Abercrombie & Fitch is back. Sort of.

Thanks to new management and different clothing designs, the company is starting to rebound. But it isn't all the way there yet.

Shannon Stapleton/Reuters/File
A woman walks by a discount sign at an Abercrombie & Fitch store at a shopping mall in Garden City, New York in 2014.

Abercrombie & Fitch may finally be finding its footing again.

On Wednesday, the clothing brand posted its first same store sales gain in three years and earnings of $1.08 a share, ahead of expected earnings of $0.99 per share. Net sales also grew more than expected, to $1.11 billion. Abercrombie stocks are now trading up, at $29.50 a share.

"Our results for the fourth quarter reflect continued progress on a number of fronts,” Arthur Martinez, Abercrombie Executive Chairman, said in a statement. “While we accomplished a lot, there is much more progress we need to make to fulfill the potential of our brands.”

It’s been a rough few years for the brand, which enjoyed wide popularity in the late 1990s and early 2000s. Consumers have moved away from its edgy advertisements and logo-laced clothes over the past decade.  

The company has faced weak sales, and controversy, for years. In 2014, CEO Mike Jeffries retired from the company and its board of directors. His 20-year tenure helped build the company into a brand for “cool” teenagers and young adults. But in 2013, Mr. Jeffries came under fire for implying that plus-size people are unwelcome at the store, thereby suggesting that that fun-loving, risqué image was meant only for certain individuals.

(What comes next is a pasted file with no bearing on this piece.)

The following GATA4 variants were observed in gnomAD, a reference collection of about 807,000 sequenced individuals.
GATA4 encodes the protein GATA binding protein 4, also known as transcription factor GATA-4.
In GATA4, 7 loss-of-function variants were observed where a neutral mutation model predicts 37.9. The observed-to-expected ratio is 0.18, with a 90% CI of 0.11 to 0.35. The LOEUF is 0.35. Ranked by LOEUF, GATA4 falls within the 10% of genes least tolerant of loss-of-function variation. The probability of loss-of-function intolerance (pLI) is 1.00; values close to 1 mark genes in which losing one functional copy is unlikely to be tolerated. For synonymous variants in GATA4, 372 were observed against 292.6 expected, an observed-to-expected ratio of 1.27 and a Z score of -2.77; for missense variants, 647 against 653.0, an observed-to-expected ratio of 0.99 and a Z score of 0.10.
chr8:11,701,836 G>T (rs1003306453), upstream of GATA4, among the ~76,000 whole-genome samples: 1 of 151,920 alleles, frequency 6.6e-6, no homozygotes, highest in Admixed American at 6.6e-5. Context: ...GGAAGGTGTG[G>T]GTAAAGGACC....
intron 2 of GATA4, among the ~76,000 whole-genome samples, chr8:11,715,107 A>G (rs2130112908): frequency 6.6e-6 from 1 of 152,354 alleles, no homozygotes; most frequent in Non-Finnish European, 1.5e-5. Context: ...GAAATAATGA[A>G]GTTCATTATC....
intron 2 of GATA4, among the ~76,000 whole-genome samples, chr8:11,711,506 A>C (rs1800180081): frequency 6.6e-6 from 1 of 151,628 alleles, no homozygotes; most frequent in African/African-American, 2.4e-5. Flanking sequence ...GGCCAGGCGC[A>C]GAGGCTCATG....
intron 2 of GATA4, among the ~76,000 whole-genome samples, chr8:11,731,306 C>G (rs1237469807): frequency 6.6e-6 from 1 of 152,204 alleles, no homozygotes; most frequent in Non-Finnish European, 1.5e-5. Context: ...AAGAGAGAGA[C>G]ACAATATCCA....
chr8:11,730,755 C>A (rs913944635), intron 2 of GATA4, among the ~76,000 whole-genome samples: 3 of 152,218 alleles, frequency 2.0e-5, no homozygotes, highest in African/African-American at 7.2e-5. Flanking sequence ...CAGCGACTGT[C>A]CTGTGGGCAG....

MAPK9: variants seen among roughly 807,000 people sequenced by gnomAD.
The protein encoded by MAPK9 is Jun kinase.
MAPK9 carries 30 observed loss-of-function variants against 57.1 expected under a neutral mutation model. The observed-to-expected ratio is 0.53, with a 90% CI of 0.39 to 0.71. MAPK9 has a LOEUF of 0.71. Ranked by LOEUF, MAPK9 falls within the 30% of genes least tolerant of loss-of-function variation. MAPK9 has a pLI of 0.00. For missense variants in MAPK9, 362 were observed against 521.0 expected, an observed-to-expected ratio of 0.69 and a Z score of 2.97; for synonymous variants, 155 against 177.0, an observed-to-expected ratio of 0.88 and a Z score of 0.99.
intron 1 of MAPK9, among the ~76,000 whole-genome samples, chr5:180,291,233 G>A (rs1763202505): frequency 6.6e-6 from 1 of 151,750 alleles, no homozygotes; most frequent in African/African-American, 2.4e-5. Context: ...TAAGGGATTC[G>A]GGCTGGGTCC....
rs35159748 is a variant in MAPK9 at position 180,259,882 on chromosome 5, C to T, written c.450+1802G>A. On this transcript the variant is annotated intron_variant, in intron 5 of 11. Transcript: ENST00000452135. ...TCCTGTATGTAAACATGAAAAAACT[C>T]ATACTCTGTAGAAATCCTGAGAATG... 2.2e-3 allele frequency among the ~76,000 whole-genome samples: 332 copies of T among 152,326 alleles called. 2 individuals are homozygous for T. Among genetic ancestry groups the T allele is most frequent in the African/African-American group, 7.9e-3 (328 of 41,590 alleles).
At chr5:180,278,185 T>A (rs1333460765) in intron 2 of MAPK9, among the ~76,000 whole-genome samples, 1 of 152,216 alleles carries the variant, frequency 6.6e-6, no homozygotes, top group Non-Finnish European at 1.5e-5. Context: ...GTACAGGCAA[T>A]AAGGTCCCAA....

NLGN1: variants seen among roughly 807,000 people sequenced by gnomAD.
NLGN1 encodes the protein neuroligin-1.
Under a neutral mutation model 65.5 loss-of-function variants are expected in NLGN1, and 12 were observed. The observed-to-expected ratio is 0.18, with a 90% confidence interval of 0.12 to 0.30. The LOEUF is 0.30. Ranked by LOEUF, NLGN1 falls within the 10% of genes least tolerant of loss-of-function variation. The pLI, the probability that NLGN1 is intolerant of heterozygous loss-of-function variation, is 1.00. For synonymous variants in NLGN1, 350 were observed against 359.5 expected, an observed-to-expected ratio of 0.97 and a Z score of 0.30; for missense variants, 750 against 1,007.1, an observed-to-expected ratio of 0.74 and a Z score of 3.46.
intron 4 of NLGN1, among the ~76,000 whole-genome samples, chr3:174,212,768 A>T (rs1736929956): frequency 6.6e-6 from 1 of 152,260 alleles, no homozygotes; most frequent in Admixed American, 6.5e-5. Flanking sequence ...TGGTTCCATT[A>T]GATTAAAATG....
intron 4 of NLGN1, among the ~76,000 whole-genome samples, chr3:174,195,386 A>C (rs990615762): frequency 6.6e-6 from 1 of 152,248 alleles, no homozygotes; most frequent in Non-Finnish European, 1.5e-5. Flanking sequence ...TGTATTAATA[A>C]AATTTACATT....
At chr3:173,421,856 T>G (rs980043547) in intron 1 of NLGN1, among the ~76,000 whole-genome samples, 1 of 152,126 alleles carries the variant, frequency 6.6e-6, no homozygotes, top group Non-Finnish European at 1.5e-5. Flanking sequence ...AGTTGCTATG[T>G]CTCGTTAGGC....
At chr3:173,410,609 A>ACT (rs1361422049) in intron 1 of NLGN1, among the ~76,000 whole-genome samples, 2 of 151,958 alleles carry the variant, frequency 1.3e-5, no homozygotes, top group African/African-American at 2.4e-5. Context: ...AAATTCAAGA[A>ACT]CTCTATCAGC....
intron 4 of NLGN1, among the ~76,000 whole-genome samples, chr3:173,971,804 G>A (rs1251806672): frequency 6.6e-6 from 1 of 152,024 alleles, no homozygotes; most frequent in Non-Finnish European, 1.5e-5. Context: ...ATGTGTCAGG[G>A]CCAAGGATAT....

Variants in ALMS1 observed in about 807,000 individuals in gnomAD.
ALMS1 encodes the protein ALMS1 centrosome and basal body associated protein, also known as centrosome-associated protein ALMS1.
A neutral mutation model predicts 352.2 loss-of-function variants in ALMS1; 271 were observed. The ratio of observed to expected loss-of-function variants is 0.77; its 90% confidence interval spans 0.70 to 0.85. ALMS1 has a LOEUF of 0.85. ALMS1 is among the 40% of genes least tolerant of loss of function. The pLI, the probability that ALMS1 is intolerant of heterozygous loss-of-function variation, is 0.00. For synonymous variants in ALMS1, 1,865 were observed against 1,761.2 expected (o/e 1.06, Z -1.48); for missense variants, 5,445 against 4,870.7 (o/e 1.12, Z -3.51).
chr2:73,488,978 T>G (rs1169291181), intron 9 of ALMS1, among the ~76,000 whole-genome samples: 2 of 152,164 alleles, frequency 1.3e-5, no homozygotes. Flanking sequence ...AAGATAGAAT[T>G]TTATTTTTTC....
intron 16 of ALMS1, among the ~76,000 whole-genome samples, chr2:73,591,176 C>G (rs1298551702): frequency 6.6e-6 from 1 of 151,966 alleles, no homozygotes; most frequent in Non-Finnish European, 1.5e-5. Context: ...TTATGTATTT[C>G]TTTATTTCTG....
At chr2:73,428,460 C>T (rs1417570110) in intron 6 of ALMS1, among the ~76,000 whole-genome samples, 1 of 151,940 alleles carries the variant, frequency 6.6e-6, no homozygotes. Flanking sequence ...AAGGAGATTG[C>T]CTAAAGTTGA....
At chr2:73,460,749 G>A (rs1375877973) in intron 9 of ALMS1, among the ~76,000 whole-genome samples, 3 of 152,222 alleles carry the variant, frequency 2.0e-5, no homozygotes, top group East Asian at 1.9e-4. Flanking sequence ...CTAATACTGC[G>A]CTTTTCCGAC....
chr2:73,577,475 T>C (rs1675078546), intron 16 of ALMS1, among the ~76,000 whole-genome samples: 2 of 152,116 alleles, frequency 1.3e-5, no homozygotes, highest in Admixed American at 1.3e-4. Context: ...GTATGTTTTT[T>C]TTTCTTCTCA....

Abercrombie has also been dogged by hiring discrimination lawsuits. In 2004, the company settled a class-action lawsuit that charged it used discriminatory hiring practices against minority candidates. In 2015, the Supreme Court ruled in favor of a Muslim woman who had sought a job at an Abercrombie in Oklahoma, but was denied employment because of her hijab.

Jeffries’ 2014 retirement sent Abercrombie stocks sliding. Abercrombie immediately began to restructure, focusing on offering a consistent brand message. In order to unify its upper-level management, Abercrombie created six new positions in 2015 that organized its executives around the brand, rather than individual products. Those moves helped the company regain some ground among investors.  

Abercrombie’s marketing strategy has shifted just as drastically as its management structure. In a departure from the highly sexualized ad campaigns that were the brand's trademark, Abercrombie now requires its models to wear shirts, and has de-emphasized the models' physical appearance as a lure for selling clothes.

It has also started to shift the way it hires workers, no longer calling them "models."

Abercrombie’s clothing offerings have also started to evolve, too. It has substantially reduced inventory emblazoned with its once-prized logo in favor of more modern and subdued looks. This is a direct push to try and regain consumers who flocked to cheaper apparel stores like Forever 21, Zara, and H&M while Abercrombie was on the outs.      

Abercrombie isn’t out of the woods yet, but after years of stumbles, the brand may finally be on a more even keel.

“As we look ahead to 2016, it is likely to remain a challenging environment, but we believe we are on the right track,” Martinez said. “We will continue to focus on delivering a customer-centric shopping experience and compelling assortments based on clearly defined brand positions."

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